(d)"‘continuing unlawful activity’ means an activity prohibited by law for the time being in force, which is a cognizable offence punishable with imprisonment of three years or more, undertaken either singly or jointly, as a member of an organized crime syndicate or on behalf of such syndicate in respect of which more than one charge-sheets have been filed before a competent Court within the preceding period of ten years and that Court has taken cognizance of such offence."


(f) "‘organized crime syndicate’ means a group of two or more persons who, acting either singly or collectively, as a syndicate or gang indulge in activities of organized crime."


On plain reading of the said provisions, it is clear that the provisions of section 2(d), 2(e) and 2(f) are inextricable and the expression "organized crime" will have to be construed in the context of these definitions. Before we proceed to examine the purport of the expression "organized crime", it will be appropriate to advert to the Preamble of the Act, which will indicate the object and purpose of enacting this special enactment. The relevant extract of the same reads thus:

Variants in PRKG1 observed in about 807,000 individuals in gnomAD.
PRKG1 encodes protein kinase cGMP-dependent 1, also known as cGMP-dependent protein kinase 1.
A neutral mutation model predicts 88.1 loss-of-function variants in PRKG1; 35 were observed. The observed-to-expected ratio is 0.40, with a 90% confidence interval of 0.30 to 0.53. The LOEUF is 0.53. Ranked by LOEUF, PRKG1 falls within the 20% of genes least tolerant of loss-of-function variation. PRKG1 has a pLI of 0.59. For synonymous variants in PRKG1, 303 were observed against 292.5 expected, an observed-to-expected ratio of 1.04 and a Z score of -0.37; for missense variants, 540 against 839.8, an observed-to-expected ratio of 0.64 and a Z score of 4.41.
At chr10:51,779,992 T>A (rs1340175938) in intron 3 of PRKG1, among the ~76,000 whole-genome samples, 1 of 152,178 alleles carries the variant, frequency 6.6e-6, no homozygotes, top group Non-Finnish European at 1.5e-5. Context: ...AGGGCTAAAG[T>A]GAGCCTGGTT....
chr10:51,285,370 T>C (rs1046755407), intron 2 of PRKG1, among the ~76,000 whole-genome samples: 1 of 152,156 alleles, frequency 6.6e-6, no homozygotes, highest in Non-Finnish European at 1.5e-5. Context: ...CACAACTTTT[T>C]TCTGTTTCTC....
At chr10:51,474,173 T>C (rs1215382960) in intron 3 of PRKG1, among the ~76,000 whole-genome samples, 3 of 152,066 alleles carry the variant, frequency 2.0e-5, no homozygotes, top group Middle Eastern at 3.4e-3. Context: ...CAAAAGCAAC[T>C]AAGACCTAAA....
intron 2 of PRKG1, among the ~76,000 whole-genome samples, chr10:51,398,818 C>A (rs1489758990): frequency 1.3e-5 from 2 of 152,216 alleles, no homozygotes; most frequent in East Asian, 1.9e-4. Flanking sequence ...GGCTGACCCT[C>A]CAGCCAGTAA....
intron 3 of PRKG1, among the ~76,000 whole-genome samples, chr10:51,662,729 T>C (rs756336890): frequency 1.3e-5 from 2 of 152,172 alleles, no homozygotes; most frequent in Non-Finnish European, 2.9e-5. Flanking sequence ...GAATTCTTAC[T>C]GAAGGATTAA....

"Whereas it was expedient to make special provisions for prevention and control of, and for coping with, criminal activity by organized crime syndicate or gang, and for matters connected therewith or incidental thereto; . . . "